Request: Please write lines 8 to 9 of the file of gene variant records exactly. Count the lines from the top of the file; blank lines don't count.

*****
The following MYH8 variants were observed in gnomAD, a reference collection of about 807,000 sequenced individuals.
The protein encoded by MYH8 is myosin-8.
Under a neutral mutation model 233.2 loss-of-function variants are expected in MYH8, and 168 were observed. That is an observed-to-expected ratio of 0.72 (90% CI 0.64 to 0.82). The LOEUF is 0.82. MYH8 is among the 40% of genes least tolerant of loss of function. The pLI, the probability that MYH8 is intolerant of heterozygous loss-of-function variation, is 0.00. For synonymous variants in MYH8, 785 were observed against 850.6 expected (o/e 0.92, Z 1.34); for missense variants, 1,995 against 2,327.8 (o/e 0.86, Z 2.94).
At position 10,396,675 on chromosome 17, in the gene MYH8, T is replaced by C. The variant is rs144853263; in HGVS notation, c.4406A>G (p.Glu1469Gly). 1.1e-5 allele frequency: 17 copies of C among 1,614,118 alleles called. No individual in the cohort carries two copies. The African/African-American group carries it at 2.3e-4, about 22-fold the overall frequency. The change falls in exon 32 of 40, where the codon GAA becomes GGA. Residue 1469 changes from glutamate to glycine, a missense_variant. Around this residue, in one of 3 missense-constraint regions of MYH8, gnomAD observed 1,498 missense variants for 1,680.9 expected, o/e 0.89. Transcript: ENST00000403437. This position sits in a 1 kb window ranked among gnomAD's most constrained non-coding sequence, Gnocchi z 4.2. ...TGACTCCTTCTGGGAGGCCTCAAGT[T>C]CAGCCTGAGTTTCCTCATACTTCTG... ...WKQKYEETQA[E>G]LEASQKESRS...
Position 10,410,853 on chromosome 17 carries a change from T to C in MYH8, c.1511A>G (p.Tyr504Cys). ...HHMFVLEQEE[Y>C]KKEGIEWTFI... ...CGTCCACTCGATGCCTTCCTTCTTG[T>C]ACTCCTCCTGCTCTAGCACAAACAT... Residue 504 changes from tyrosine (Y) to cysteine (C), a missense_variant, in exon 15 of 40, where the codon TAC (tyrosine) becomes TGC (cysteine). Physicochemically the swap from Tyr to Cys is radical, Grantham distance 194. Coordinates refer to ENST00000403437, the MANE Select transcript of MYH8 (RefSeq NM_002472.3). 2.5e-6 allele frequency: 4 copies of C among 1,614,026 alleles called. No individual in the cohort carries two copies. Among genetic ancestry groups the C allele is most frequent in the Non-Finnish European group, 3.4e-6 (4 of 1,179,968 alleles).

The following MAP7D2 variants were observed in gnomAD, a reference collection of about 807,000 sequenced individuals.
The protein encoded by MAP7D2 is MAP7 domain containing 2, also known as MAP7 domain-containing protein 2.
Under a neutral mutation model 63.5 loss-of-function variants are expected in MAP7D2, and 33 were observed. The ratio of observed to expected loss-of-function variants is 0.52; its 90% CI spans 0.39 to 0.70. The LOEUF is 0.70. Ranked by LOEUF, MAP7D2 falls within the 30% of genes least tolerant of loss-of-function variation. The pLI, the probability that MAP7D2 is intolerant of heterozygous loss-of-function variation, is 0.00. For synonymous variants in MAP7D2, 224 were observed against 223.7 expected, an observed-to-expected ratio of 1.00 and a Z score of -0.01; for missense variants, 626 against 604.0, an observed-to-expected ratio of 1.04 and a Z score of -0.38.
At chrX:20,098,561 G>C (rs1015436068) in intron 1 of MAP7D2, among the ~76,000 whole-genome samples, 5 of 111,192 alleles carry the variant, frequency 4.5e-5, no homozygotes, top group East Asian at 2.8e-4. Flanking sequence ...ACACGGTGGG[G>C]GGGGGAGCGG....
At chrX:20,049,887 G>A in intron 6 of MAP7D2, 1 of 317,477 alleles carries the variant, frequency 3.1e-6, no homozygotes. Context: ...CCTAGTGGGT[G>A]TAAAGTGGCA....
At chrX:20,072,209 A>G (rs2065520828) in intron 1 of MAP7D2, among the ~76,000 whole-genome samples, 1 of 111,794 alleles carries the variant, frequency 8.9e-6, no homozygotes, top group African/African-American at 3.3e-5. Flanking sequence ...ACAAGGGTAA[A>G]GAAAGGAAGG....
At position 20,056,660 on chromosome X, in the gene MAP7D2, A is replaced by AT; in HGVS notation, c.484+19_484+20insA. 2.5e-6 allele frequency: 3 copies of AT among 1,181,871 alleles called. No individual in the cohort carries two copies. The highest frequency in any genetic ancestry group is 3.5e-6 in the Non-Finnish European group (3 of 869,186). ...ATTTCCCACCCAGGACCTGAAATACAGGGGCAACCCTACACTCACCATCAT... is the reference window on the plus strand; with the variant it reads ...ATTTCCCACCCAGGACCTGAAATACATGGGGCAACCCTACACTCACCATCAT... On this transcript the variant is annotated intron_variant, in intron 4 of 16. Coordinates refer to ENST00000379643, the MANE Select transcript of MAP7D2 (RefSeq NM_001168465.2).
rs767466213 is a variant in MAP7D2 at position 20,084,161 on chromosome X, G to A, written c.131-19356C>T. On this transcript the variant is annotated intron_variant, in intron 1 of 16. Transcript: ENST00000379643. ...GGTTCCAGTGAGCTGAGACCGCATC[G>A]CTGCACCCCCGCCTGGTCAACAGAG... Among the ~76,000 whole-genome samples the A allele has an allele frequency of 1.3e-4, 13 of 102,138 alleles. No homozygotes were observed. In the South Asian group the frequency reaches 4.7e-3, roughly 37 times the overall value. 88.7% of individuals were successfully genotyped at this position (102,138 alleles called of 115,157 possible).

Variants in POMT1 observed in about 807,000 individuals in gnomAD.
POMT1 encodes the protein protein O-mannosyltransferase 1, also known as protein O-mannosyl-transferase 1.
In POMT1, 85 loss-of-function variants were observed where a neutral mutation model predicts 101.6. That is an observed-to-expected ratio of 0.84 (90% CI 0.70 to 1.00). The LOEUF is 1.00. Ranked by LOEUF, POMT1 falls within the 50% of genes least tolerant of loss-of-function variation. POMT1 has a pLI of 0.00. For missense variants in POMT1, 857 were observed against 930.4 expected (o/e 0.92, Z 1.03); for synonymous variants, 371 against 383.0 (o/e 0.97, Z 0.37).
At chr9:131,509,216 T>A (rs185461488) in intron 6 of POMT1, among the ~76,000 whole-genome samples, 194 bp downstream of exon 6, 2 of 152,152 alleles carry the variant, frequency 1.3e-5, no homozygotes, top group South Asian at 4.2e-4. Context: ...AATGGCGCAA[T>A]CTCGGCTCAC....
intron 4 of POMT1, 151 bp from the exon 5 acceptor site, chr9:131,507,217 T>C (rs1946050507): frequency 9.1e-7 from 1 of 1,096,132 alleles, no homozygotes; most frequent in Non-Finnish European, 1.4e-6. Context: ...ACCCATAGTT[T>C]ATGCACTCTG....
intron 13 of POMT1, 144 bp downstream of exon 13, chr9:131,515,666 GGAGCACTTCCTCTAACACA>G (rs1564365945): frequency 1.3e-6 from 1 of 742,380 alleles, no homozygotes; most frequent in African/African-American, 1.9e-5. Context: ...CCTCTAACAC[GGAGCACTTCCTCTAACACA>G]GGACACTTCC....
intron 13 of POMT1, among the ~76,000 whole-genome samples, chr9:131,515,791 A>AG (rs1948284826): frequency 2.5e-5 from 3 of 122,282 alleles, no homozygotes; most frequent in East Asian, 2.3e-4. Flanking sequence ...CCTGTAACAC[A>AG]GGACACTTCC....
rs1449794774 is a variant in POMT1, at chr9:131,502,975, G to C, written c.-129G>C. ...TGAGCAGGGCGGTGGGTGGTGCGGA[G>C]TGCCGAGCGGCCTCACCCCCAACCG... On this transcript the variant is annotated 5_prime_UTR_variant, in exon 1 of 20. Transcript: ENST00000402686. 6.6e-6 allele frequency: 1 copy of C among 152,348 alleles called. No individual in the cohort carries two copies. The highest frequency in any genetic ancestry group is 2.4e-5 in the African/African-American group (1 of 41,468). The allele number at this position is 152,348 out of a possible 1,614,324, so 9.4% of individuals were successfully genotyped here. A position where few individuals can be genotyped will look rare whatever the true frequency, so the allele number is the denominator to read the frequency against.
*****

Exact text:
Under a neutral mutation model 63.5 loss-of-function variants are expected in MAP7D2, and 33 were observed. The ratio of observed to expected loss-of-function variants is 0.52; its 90% CI spans 0.39 to 0.70. The LOEUF is 0.70. Ranked by LOEUF, MAP7D2 falls within the 30% of genes least tolerant of loss-of-function variation. The pLI, the probability that MAP7D2 is intolerant of heterozygous loss-of-function variation, is 0.00. For synonymous variants in MAP7D2, 224 were observed against 223.7 expected, an observed-to-expected ratio of 1.00 and a Z score of -0.01; for missense variants, 626 against 604.0, an observed-to-expected ratio of 1.04 and a Z score of -0.38.
At chrX:20,098,561 G>C (rs1015436068) in intron 1 of MAP7D2, among the ~76,000 whole-genome samples, 5 of 111,192 alleles carry the variant, frequency 4.5e-5, no homozygotes, top group East Asian at 2.8e-4. Flanking sequence ...ACACGGTGGG[G>C]GGGGGAGCGG....